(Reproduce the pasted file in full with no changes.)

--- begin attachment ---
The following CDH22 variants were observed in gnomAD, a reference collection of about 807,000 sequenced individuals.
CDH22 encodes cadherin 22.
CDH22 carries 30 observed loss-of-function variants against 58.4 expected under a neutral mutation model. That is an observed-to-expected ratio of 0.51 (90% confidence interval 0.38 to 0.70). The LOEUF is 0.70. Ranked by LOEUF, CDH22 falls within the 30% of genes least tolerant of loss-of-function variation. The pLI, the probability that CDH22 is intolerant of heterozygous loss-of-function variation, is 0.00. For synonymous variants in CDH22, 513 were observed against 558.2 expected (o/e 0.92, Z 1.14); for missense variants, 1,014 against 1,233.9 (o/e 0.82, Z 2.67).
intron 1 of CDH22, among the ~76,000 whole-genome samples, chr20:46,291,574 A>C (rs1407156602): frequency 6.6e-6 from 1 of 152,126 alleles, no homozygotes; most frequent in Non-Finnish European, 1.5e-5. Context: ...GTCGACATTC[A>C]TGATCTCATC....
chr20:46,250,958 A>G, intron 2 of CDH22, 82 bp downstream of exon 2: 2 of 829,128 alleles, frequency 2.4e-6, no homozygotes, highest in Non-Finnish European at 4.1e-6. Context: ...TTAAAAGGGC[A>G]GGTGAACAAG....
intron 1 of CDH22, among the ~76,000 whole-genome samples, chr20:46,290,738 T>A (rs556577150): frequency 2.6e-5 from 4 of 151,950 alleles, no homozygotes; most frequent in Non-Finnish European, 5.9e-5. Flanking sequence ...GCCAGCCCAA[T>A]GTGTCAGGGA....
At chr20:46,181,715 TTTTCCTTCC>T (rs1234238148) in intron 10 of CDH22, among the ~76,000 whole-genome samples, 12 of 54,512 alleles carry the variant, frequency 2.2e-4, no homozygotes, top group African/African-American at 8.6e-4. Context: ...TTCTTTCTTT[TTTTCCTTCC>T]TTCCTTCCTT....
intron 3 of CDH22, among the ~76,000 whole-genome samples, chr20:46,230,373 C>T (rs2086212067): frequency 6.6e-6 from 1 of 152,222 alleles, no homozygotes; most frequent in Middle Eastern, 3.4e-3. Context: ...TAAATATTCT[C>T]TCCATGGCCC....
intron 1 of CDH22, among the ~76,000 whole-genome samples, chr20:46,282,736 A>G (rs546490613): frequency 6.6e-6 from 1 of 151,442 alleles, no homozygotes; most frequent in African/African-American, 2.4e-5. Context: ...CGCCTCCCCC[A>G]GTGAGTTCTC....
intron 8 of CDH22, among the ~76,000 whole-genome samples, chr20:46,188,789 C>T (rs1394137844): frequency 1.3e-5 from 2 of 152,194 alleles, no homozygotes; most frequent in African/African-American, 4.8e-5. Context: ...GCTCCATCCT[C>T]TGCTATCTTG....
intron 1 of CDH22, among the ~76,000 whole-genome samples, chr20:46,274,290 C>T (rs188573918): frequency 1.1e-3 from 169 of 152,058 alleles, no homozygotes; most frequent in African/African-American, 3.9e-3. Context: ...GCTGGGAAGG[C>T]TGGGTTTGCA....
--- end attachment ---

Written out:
The following CDH22 variants were observed in gnomAD, a reference collection of about 807,000 sequenced individuals.
CDH22 encodes cadherin 22.
CDH22 carries 30 observed loss-of-function variants against 58.4 expected under a neutral mutation model. That is an observed-to-expected ratio of 0.51 (90% confidence interval 0.38 to 0.70). The LOEUF is 0.70. Ranked by LOEUF, CDH22 falls within the 30% of genes least tolerant of loss-of-function variation. The pLI, the probability that CDH22 is intolerant of heterozygous loss-of-function variation, is 0.00. For synonymous variants in CDH22, 513 were observed against 558.2 expected (o/e 0.92, Z 1.14); for missense variants, 1,014 against 1,233.9 (o/e 0.82, Z 2.67).
intron 1 of CDH22, among the ~76,000 whole-genome samples, chr20:46,291,574 A>C (rs1407156602): frequency 6.6e-6 from 1 of 152,126 alleles, no homozygotes; most frequent in Non-Finnish European, 1.5e-5. Context: ...GTCGACATTC[A>C]TGATCTCATC....
chr20:46,250,958 A>G, intron 2 of CDH22, 82 bp downstream of exon 2: 2 of 829,128 alleles, frequency 2.4e-6, no homozygotes, highest in Non-Finnish European at 4.1e-6. Context: ...TTAAAAGGGC[A>G]GGTGAACAAG....
intron 1 of CDH22, among the ~76,000 whole-genome samples, chr20:46,290,738 T>A (rs556577150): frequency 2.6e-5 from 4 of 151,950 alleles, no homozygotes; most frequent in Non-Finnish European, 5.9e-5. Flanking sequence ...GCCAGCCCAA[T>A]GTGTCAGGGA....
At chr20:46,181,715 TTTTCCTTCC>T (rs1234238148) in intron 10 of CDH22, among the ~76,000 whole-genome samples, 12 of 54,512 alleles carry the variant, frequency 2.2e-4, no homozygotes, top group African/African-American at 8.6e-4. Context: ...TTCTTTCTTT[TTTTCCTTCC>T]TTCCTTCCTT....
intron 3 of CDH22, among the ~76,000 whole-genome samples, chr20:46,230,373 C>T (rs2086212067): frequency 6.6e-6 from 1 of 152,222 alleles, no homozygotes; most frequent in Middle Eastern, 3.4e-3. Context: ...TAAATATTCT[C>T]TCCATGGCCC....
intron 1 of CDH22, among the ~76,000 whole-genome samples, chr20:46,282,736 A>G (rs546490613): frequency 6.6e-6 from 1 of 151,442 alleles, no homozygotes; most frequent in African/African-American, 2.4e-5. Context: ...CGCCTCCCCC[A>G]GTGAGTTCTC....
intron 8 of CDH22, among the ~76,000 whole-genome samples, chr20:46,188,789 C>T (rs1394137844): frequency 1.3e-5 from 2 of 152,194 alleles, no homozygotes; most frequent in African/African-American, 4.8e-5. Context: ...GCTCCATCCT[C>T]TGCTATCTTG....
intron 1 of CDH22, among the ~76,000 whole-genome samples, chr20:46,274,290 C>T (rs188573918): frequency 1.1e-3 from 169 of 152,058 alleles, no homozygotes; most frequent in African/African-American, 3.9e-3. Context: ...GCTGGGAAGG[C>T]TGGGTTTGCA....